Well you can now easily discover these facts by looking at the spreadsheet created below and follow the recorded information researched from the District's early Census Forms, District Executive Minutes and other supporting documents.
This District has the Minutes of it's early meetings dating back to 1914 through to 1955, after which for some unfortunate, obscure and annoying reason, they are lost until around 1980. These Minutes are all hand written and unlike minutes we tend to record today, read like a good book! You really feel you are sitting round the table listening, taking part and knowing the individual personalities! It must be said that this surely forms a fine memorial to those diligent past District Secretaries that so accurately and clearly recorded Scouting activities.
The Census Forms, owned by this District, date back to 1921, when we guess the practice of the annual Census recordings probably began.
These Minutes and Census forms are all meticulously recorded and give a very accurate and fascinating picture of Scouting in Hastings during this period. They encompasses both World Wars and the Depression years of the nineteen twenties and thirties. They show how Scouting reacted and faired during these traumatic times.
To place the analysis in context it should be explained that three Boy Scout Patrols were first formed in Hastings in 1908. The first being the 'Curlew' Patrol the second Patrol name is unknown and the third was the 'Fox' Patrol. The 1st Hastings Troop was later formed out of the 'Curlew' Patrol. The meeting place of this early 1st Hastings Troop is at this time unknown.
From this first Boy Scout Troop a further six Troops were established in 1909. Followed later by Wolf Cubs in 1916 and then still later by Senior Scouts in 1917. The name of this Senior Scout Section was in the next year, 1918, changed to Rover Scouts. The name Senior Scouts later appeared as a separate Section between Boy Scout Troops and Rover Crews in about 1946.
Before 1928, it should be explained that no Group structure existed and that each Section of the Wolf Cub Pack, Boy Scout Troop and Rover Crew existed separately. Each Section, frequently, was known primarily by the name of their individual meeting places. For instance 'Hollington', 'Old Hastings', 'Central', 'Kim's Own', 'YMCA', etc. However many of the earlier Sections proudly used the early numbers allocated to them as well as their names. When meeting places and therefore names changed it has occasionally been difficult to trace the continuing line of a particular Section. Only by the well kept early District Minutes and the early Census forms can we research and keep track of Scouting's history in this formative period.
After 1928 the history becomes easier, as each Group, now formed of closely associated Sections, was recorded by its allocated number and also, where applicable by its traditional meeting place. Each Group then also became lead by a Group Scout Master.
Including and after the earliest Census held by this District of 1921, we see the 'Imperial Headquarters' Registration Number appearing against each recorded Section in these Census Forms. However, as earlier indicated, because no Group Structure existed, Boy Scout Troops meeting in the same place as the Wolf Cub Pack and perhaps the Rover Crew, would not have the same 'Imperial Headquarters Registration Number as the Wolf Cub Pack and the Rover Crew. Also when a Section closed for a short or longer period, it would not necessarily be re-allocated the registration number that it was originally known by.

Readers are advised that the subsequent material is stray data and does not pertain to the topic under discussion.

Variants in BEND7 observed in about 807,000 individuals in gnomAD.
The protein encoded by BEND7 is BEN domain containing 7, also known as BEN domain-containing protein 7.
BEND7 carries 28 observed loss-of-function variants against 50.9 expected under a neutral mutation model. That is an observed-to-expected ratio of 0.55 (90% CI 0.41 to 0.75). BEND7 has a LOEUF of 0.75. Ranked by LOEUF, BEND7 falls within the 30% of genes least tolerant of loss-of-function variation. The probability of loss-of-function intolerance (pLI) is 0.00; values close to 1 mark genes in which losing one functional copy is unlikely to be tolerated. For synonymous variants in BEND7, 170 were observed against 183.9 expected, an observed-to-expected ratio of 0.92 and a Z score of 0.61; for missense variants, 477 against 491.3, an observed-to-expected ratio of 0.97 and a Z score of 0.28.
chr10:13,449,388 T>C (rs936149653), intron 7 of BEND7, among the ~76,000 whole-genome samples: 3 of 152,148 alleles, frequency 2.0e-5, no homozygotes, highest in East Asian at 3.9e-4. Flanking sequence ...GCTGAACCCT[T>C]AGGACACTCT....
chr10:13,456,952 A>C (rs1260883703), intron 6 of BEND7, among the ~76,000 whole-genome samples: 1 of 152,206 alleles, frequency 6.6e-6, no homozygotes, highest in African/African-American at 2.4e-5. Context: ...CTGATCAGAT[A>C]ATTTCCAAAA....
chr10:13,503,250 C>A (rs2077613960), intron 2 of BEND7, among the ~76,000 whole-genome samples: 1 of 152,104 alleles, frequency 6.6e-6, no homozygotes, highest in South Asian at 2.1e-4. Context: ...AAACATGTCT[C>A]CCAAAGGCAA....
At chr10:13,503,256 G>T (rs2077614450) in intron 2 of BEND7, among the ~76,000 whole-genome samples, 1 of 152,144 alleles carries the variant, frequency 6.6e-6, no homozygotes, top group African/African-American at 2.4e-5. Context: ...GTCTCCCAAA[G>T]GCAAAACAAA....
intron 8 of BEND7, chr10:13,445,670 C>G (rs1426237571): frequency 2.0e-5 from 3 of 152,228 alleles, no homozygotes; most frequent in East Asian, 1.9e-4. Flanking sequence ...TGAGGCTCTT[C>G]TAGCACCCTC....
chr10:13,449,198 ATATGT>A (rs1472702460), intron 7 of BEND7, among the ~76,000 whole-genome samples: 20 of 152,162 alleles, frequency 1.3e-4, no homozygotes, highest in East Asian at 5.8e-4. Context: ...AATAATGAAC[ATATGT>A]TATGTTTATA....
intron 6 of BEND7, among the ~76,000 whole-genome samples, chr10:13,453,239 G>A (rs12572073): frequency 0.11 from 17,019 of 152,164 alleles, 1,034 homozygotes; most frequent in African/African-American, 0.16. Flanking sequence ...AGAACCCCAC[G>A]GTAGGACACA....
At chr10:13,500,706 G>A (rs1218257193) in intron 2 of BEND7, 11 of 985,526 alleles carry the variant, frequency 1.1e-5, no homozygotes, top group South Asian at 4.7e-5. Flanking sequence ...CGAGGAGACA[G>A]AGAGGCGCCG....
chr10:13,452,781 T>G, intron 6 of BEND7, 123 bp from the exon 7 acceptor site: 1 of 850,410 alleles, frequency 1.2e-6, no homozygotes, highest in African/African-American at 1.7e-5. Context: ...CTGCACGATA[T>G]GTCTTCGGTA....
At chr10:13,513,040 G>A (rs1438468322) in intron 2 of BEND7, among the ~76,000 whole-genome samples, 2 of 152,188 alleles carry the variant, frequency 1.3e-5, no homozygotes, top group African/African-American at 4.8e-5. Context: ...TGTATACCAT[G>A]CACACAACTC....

All these factors caused considerable confusion for the District Secretaries.
One final factor of interest is the period covering the Second World War when Scouting, in most cases, temporarily ceased in this area, with only a few Groups able to carry on and with many being evacuated. (One noteworthy Troop from The Grammar School, now 24th Hastings, William Parker School, actually ran two Troops, one in Hastings still at the school and one evacuated to St Albans.) Leaders were called to serve their Country in the Armed Forces or directed to essential services, sometimes in different parts of the country. We think we have Leader problems now!
The census for 1939, the year the war started, was not recorded, neither was the year 1940. The census for 1941 was hastily recorded on a scrap of paper but in 1943 the District Secretary was once again given the official Census Form for that year and recording recommenced.
It is hoped that this information and the historic analysis spreadsheet will be of great interest to many Groups and their Leaders who may wish to trace their Group's past. Perhaps it may also be of interest to many past Scouts who enjoyed these early years of Scouting. It is also hoped hat at some future date the location of the lost District Minutes and the Census Forms for the period 1956 - 1980 may be identified. If and when this hopefully occurs, we may be able to research this period to extend the analysis spreadsheet.
Until then it is planned to continue the analysis from 1980 to the present day. Watch this space!
All information researched is as factual and accurate as the records allow. Some information is difficult establish where documents are not precise or fully explained. In these instances, the best assumption has always been used. Where some blanks appear in the spreadsheet it is because proof of the existence of a Section at that time cannot be established. In most instances this is the case. These may later be corrected if further information is forthcoming.
It would be most appreciated if there are any known inaccuracies or errors that we could be informed
when we will seek to correct them. Also if anyone has any constructive and interesting additions that we
can add to this information we will naturally additionally appreciate it.
Do you remember?
Were you a scout member in the 1950's? If so, do you remember the Carnival parade of 1955 or the camping expedition to Irelands Farm in 1954? Are you in these pictures? Can you help us to identify those involved? Maybe you have other scouting related photos from the 1940's, 1950's, 1960's etc. If so, we would like to hear from you.
You can contact Roy by email: email@example.com